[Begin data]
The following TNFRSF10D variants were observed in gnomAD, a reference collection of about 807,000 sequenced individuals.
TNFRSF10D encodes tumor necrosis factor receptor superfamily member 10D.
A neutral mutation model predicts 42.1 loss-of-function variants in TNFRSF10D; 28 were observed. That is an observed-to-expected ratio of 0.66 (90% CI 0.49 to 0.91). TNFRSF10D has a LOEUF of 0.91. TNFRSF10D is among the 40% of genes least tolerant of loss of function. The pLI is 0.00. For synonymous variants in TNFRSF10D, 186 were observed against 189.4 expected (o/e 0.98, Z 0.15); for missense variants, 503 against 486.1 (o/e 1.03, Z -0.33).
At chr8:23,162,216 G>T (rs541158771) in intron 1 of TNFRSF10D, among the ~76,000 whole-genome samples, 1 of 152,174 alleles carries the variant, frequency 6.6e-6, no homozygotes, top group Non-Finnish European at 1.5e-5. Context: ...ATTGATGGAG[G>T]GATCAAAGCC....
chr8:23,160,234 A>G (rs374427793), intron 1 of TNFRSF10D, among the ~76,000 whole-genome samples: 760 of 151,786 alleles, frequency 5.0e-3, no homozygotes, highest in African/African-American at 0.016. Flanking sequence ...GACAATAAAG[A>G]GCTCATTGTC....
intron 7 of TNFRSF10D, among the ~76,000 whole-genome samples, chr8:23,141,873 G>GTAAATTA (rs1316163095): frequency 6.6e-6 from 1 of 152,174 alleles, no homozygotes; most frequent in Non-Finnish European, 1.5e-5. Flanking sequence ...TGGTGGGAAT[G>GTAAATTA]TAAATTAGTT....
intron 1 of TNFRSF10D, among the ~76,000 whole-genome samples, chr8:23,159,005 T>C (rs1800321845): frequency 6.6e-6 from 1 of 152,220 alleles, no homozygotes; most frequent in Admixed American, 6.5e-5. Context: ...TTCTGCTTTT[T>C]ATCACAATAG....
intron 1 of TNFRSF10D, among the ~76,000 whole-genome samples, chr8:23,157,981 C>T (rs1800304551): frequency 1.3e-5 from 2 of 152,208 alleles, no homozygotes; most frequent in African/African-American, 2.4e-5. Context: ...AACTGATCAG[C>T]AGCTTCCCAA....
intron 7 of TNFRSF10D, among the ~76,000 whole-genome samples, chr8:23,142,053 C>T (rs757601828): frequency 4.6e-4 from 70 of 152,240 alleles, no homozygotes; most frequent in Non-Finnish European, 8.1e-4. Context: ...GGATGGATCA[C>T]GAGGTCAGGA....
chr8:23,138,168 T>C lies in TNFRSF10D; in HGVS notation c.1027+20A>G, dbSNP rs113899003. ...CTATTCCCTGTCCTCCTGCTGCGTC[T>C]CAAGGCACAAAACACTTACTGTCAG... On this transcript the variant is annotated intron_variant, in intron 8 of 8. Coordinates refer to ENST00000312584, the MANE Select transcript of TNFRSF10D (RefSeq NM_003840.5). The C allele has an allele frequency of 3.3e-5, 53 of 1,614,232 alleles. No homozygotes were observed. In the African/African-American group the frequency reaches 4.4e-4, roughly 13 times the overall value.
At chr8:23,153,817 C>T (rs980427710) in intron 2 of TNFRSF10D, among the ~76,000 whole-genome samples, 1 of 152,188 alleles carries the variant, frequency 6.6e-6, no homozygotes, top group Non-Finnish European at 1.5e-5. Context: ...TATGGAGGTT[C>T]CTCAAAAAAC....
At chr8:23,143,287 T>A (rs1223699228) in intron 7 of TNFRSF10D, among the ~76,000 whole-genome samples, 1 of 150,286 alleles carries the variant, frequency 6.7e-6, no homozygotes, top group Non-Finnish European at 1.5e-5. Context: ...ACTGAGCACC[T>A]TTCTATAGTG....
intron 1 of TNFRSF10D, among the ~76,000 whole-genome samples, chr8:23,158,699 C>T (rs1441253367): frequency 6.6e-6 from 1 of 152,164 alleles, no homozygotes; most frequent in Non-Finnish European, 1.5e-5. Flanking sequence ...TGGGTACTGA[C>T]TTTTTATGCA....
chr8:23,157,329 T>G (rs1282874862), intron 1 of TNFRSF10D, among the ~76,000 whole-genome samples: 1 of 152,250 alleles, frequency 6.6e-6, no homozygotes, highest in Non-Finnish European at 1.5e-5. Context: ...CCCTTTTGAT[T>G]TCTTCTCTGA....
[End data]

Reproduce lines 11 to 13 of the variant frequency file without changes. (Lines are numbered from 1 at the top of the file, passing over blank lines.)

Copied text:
At chr8:23,153,817 C>T (rs980427710) in intron 2 of TNFRSF10D, among the ~76,000 whole-genome samples, 1 of 152,188 alleles carries the variant, frequency 6.6e-6, no homozygotes, top group Non-Finnish European at 1.5e-5. Context: ...TATGGAGGTT[C>T]CTCAAAAAAC....
At chr8:23,143,287 T>A (rs1223699228) in intron 7 of TNFRSF10D, among the ~76,000 whole-genome samples, 1 of 150,286 alleles carries the variant, frequency 6.7e-6, no homozygotes, top group Non-Finnish European at 1.5e-5. Context: ...ACTGAGCACC[T>A]TTCTATAGTG....
intron 1 of TNFRSF10D, among the ~76,000 whole-genome samples, chr8:23,158,699 C>T (rs1441253367): frequency 6.6e-6 from 1 of 152,164 alleles, no homozygotes; most frequent in Non-Finnish European, 1.5e-5. Flanking sequence ...TGGGTACTGA[C>T]TTTTTATGCA....